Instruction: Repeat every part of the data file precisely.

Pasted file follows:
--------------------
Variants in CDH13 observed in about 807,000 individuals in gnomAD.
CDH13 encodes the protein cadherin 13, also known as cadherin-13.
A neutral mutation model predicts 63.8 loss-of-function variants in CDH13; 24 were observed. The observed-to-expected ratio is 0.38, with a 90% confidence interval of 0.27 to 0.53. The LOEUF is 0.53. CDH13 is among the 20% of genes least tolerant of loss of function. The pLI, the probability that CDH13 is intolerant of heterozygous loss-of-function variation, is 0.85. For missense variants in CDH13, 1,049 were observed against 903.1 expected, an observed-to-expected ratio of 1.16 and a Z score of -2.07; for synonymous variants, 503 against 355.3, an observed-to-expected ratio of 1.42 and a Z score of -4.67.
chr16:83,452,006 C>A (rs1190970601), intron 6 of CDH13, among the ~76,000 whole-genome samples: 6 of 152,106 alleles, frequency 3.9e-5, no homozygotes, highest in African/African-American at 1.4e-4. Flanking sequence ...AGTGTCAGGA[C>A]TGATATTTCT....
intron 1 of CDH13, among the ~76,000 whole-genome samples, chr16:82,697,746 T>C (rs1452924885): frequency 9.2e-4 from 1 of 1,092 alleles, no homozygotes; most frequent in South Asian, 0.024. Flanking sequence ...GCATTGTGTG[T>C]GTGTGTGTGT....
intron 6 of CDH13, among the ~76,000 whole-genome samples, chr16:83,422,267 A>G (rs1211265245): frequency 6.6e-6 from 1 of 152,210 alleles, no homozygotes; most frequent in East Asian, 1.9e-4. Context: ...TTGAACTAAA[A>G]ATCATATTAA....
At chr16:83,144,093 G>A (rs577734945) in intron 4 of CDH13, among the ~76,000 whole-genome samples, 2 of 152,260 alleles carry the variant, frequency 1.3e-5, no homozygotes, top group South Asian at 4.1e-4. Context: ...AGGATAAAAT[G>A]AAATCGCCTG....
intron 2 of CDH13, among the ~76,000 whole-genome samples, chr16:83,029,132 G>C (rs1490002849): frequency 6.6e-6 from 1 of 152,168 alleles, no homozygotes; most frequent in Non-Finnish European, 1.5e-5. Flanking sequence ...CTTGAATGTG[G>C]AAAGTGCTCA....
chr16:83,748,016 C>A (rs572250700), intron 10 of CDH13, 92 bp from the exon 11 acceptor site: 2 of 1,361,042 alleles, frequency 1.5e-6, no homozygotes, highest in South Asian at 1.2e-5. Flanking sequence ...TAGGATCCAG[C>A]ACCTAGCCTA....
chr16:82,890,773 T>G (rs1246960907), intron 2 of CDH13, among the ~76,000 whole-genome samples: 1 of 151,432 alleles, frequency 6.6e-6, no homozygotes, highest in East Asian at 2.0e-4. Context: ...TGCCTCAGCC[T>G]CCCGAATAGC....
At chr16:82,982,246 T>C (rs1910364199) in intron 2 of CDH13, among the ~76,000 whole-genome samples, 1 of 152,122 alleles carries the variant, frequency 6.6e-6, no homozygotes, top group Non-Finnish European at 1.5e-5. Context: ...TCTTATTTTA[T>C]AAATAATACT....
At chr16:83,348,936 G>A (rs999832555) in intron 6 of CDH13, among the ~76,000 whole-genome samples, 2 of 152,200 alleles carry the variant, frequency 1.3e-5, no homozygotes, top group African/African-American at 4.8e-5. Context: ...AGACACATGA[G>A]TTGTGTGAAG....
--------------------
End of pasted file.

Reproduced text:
Variants in CDH13 observed in about 807,000 individuals in gnomAD.
CDH13 encodes the protein cadherin 13, also known as cadherin-13.
A neutral mutation model predicts 63.8 loss-of-function variants in CDH13; 24 were observed. The observed-to-expected ratio is 0.38, with a 90% confidence interval of 0.27 to 0.53. The LOEUF is 0.53. CDH13 is among the 20% of genes least tolerant of loss of function. The pLI, the probability that CDH13 is intolerant of heterozygous loss-of-function variation, is 0.85. For missense variants in CDH13, 1,049 were observed against 903.1 expected, an observed-to-expected ratio of 1.16 and a Z score of -2.07; for synonymous variants, 503 against 355.3, an observed-to-expected ratio of 1.42 and a Z score of -4.67.
chr16:83,452,006 C>A (rs1190970601), intron 6 of CDH13, among the ~76,000 whole-genome samples: 6 of 152,106 alleles, frequency 3.9e-5, no homozygotes, highest in African/African-American at 1.4e-4. Flanking sequence ...AGTGTCAGGA[C>A]TGATATTTCT....
intron 1 of CDH13, among the ~76,000 whole-genome samples, chr16:82,697,746 T>C (rs1452924885): frequency 9.2e-4 from 1 of 1,092 alleles, no homozygotes; most frequent in South Asian, 0.024. Flanking sequence ...GCATTGTGTG[T>C]GTGTGTGTGT....
intron 6 of CDH13, among the ~76,000 whole-genome samples, chr16:83,422,267 A>G (rs1211265245): frequency 6.6e-6 from 1 of 152,210 alleles, no homozygotes; most frequent in East Asian, 1.9e-4. Context: ...TTGAACTAAA[A>G]ATCATATTAA....
At chr16:83,144,093 G>A (rs577734945) in intron 4 of CDH13, among the ~76,000 whole-genome samples, 2 of 152,260 alleles carry the variant, frequency 1.3e-5, no homozygotes, top group South Asian at 4.1e-4. Context: ...AGGATAAAAT[G>A]AAATCGCCTG....
intron 2 of CDH13, among the ~76,000 whole-genome samples, chr16:83,029,132 G>C (rs1490002849): frequency 6.6e-6 from 1 of 152,168 alleles, no homozygotes; most frequent in Non-Finnish European, 1.5e-5. Flanking sequence ...CTTGAATGTG[G>C]AAAGTGCTCA....
chr16:83,748,016 C>A (rs572250700), intron 10 of CDH13, 92 bp from the exon 11 acceptor site: 2 of 1,361,042 alleles, frequency 1.5e-6, no homozygotes, highest in South Asian at 1.2e-5. Flanking sequence ...TAGGATCCAG[C>A]ACCTAGCCTA....
chr16:82,890,773 T>G (rs1246960907), intron 2 of CDH13, among the ~76,000 whole-genome samples: 1 of 151,432 alleles, frequency 6.6e-6, no homozygotes, highest in East Asian at 2.0e-4. Context: ...TGCCTCAGCC[T>G]CCCGAATAGC....
At chr16:82,982,246 T>C (rs1910364199) in intron 2 of CDH13, among the ~76,000 whole-genome samples, 1 of 152,122 alleles carries the variant, frequency 6.6e-6, no homozygotes, top group Non-Finnish European at 1.5e-5. Context: ...TCTTATTTTA[T>C]AAATAATACT....
At chr16:83,348,936 G>A (rs999832555) in intron 6 of CDH13, among the ~76,000 whole-genome samples, 2 of 152,200 alleles carry the variant, frequency 1.3e-5, no homozygotes, top group African/African-American at 4.8e-5. Context: ...AGACACATGA[G>A]TTGTGTGAAG....